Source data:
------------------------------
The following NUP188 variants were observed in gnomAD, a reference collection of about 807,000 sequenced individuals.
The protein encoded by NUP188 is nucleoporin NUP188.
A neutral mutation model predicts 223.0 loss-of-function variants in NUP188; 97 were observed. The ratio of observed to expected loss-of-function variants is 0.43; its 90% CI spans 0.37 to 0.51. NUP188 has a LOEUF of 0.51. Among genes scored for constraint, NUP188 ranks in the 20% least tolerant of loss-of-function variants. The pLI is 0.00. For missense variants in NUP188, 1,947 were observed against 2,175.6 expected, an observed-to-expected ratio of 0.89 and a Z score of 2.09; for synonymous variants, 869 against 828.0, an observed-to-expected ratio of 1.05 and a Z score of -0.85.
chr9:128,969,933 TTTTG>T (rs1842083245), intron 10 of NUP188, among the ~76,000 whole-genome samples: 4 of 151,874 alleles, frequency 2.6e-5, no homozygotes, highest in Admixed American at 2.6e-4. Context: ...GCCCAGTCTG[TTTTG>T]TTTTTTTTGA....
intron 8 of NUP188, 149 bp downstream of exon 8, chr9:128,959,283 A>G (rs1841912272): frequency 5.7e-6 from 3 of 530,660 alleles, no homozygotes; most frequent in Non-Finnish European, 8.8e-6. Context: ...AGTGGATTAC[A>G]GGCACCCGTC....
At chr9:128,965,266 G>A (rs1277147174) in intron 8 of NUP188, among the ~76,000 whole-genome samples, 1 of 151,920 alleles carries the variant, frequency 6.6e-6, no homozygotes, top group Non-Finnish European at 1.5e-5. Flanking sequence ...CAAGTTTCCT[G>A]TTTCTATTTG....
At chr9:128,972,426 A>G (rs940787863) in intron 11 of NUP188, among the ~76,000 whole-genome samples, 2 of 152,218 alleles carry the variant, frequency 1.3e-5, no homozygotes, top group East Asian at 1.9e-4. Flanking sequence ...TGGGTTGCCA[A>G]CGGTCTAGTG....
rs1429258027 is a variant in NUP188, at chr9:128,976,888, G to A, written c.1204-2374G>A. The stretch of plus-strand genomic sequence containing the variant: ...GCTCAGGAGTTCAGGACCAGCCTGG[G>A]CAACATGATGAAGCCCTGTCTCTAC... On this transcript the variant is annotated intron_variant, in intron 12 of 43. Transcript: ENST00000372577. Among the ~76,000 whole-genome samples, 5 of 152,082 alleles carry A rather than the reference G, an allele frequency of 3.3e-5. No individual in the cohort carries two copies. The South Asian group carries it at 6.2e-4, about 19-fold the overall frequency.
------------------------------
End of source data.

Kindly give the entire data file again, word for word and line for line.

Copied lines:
The following NUP188 variants were observed in gnomAD, a reference collection of about 807,000 sequenced individuals.
The protein encoded by NUP188 is nucleoporin NUP188.
A neutral mutation model predicts 223.0 loss-of-function variants in NUP188; 97 were observed. The ratio of observed to expected loss-of-function variants is 0.43; its 90% CI spans 0.37 to 0.51. NUP188 has a LOEUF of 0.51. Among genes scored for constraint, NUP188 ranks in the 20% least tolerant of loss-of-function variants. The pLI is 0.00. For missense variants in NUP188, 1,947 were observed against 2,175.6 expected, an observed-to-expected ratio of 0.89 and a Z score of 2.09; for synonymous variants, 869 against 828.0, an observed-to-expected ratio of 1.05 and a Z score of -0.85.
chr9:128,969,933 TTTTG>T (rs1842083245), intron 10 of NUP188, among the ~76,000 whole-genome samples: 4 of 151,874 alleles, frequency 2.6e-5, no homozygotes, highest in Admixed American at 2.6e-4. Context: ...GCCCAGTCTG[TTTTG>T]TTTTTTTTGA....
intron 8 of NUP188, 149 bp downstream of exon 8, chr9:128,959,283 A>G (rs1841912272): frequency 5.7e-6 from 3 of 530,660 alleles, no homozygotes; most frequent in Non-Finnish European, 8.8e-6. Context: ...AGTGGATTAC[A>G]GGCACCCGTC....
At chr9:128,965,266 G>A (rs1277147174) in intron 8 of NUP188, among the ~76,000 whole-genome samples, 1 of 151,920 alleles carries the variant, frequency 6.6e-6, no homozygotes, top group Non-Finnish European at 1.5e-5. Flanking sequence ...CAAGTTTCCT[G>A]TTTCTATTTG....
At chr9:128,972,426 A>G (rs940787863) in intron 11 of NUP188, among the ~76,000 whole-genome samples, 2 of 152,218 alleles carry the variant, frequency 1.3e-5, no homozygotes, top group East Asian at 1.9e-4. Flanking sequence ...TGGGTTGCCA[A>G]CGGTCTAGTG....
rs1429258027 is a variant in NUP188, at chr9:128,976,888, G to A, written c.1204-2374G>A. The stretch of plus-strand genomic sequence containing the variant: ...GCTCAGGAGTTCAGGACCAGCCTGG[G>A]CAACATGATGAAGCCCTGTCTCTAC... On this transcript the variant is annotated intron_variant, in intron 12 of 43. Transcript: ENST00000372577. Among the ~76,000 whole-genome samples, 5 of 152,082 alleles carry A rather than the reference G, an allele frequency of 3.3e-5. No individual in the cohort carries two copies. The South Asian group carries it at 6.2e-4, about 19-fold the overall frequency.